Listing women as objects of tourism is quite demeaning

The move by the Ministry of Tourism to add “curvy and sexy Ugandan women to the list of tourism products to attract tourists” is outrageous and tantamount to commodifying Ugandan women.

It risks legitimising human trafficking, especially of young women and girls in Uganda. The preposterous utterances by state minister for Tourism Godfrey Kiwanda are dehumanising and should be denounced by government. Mr Kiwanda is quoted in your article as saying “We have naturally endowed nice looking women that are amazing to look at.

Why don’t we use these people as a strategy to promote our tourism industry?” The minister’ should apologise to the Ugandans and resign before he is forced to do so. He should also be barred from holding any public office for the next 10 years.

The Ministry of Ethics and Integrity should investigate the organisers and sponsors of ‘The Miss Curvy Uganda’ Beauty Pageant.

What were their intentions? This has undoubtedly tainted the ‘Tulambule’ (Let’s explore) tourism campaign. One can now argue that the naming of this campaign carries derogatory connotations, especially where the shape of women’s bodies are the subject, in this case, objects of attraction.

The campaign now risks discrediting Uganda’s commendable efforts towards promoting women’s empowerment. The actions of Ann Mungoma, Godfrey Kiwanda, and the like did not only evoke disturbing memories of human zoos, but also sets a dangerous precedence for and perception of the role and image of women in Uganda’s tourism industry.

What innovations should we expect next - ekimansulo reloaded? Perhaps Mr Kiwanda and his team ought to have read about Africa’s colonial history (see: story of Sarah ‘Saartjie’ Baartman), before adding curvy and sexy Ugandan females to the list of Uganda’s tourist attraction.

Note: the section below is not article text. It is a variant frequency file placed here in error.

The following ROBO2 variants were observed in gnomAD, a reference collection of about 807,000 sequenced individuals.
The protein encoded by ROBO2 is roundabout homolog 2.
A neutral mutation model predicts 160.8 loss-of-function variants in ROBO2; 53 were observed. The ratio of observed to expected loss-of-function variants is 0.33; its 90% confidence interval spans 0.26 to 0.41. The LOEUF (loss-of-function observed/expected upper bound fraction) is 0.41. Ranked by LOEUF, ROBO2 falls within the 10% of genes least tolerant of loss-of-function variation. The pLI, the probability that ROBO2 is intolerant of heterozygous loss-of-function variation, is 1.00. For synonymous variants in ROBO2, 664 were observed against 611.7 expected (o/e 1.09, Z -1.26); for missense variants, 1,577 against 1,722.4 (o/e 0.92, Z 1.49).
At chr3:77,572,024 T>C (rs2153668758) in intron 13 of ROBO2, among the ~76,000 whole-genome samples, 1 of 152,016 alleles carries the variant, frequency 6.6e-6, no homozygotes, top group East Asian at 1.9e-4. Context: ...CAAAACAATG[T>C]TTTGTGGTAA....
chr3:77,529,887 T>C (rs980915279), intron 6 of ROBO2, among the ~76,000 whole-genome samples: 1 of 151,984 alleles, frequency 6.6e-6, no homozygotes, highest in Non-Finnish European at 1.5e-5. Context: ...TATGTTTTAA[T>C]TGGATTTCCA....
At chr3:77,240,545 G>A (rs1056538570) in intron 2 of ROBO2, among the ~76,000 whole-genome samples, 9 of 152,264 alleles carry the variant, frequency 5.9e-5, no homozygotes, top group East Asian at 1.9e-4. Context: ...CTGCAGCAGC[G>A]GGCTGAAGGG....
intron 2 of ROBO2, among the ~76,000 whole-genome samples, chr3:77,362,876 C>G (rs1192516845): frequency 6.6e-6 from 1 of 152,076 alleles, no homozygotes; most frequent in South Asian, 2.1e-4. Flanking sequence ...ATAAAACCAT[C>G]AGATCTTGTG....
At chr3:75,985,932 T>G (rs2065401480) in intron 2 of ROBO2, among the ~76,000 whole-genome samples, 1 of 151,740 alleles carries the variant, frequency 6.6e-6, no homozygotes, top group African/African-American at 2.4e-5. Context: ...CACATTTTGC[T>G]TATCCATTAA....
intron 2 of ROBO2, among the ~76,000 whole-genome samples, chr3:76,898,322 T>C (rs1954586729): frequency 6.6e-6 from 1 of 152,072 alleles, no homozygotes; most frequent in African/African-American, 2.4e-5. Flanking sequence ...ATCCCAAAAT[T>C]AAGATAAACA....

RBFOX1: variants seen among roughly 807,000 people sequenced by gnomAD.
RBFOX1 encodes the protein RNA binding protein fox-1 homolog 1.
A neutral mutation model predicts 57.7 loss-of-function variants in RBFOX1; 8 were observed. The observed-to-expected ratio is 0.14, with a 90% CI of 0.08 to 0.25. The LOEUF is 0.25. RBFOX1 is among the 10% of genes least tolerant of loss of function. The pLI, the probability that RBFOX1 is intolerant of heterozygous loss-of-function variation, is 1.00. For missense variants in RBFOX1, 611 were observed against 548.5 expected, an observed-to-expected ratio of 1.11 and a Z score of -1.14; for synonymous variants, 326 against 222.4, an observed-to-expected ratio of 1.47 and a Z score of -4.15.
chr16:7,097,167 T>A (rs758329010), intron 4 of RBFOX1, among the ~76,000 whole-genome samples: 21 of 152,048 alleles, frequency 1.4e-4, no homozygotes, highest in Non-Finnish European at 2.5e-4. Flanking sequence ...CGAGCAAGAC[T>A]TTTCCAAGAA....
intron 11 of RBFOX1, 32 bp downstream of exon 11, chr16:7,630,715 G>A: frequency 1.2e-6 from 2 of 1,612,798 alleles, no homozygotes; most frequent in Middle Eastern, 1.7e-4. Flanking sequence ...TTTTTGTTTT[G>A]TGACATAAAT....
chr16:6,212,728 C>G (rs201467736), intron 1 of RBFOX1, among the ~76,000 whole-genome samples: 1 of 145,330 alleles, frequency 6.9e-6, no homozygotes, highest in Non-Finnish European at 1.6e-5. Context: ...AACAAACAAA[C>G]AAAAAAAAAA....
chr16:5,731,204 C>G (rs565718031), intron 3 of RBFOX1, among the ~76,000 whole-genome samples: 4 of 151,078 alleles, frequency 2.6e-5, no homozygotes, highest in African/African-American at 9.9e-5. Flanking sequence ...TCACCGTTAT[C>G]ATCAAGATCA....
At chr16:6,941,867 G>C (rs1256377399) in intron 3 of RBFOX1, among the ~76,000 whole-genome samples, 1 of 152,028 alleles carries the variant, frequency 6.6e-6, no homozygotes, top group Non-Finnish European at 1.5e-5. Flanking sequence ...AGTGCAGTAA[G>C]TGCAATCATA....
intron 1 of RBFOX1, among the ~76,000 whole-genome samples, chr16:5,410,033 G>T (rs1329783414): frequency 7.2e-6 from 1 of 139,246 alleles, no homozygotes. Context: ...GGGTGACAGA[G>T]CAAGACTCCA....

I would not be surprised if a ‘Curvy and Sexy in the Nude’ category is added to Uganda’s list of exclusive tourism offerings.

The primitiveness of putting the ‘primitive’ on display began during the modern period when explorers like Columbus and Vespucci lured natives back to Europe from their homelands.

To prove the discovery of exotic lands, the natives were flaunted and paraded like trophies. But what began as curious awe deteriorated into an era of racial superiority and the invention of the savage.

A 20-year-old girl from South Africa known as Sarah “Saartjie” Baartman would be emblematic of the dark era that gave rise to the popularity of human zoos.

She was recruited by an exotic animal-dealer on location in Cape Town and travelled to London in 1810 to take part in an exhibition. The young woman went willingly under the pretense that she would find wealth and fame.

Exhibitors were looking for certain qualities in their ‘exotic’ recruits that either coincided with the European beauty ideal or offered unexpected novelty.

Sarah had a genetic characteristic known as steatopygia; a protuberant buttocks and elongated labia.

She found herself being exhibited in cages at sideshow attractions dressed in tight-fitting clothing that violated any cultural norms of decency at the time. A few years later, she came to Paris where racial anthropologists poked and prodded and made their theories.

Sarah eventually turned to prostitution to support herself and drank heavily. She had been in Europe for only four years.

When she died in poverty, Sarah’s skeleton, sexual organs and brain were put on display at the Museum of Mankind in Paris where they remained until 1974.

In 2002, president Nelson Mandela formally requested the repatriation of her remains. Nearly two hundred years after she had stood on deck and watched her world disappear behind her, Sarah Baartman finally went home, where the air smelled of buchu and mint, and the veld called out her name.
Simon Sentamu,
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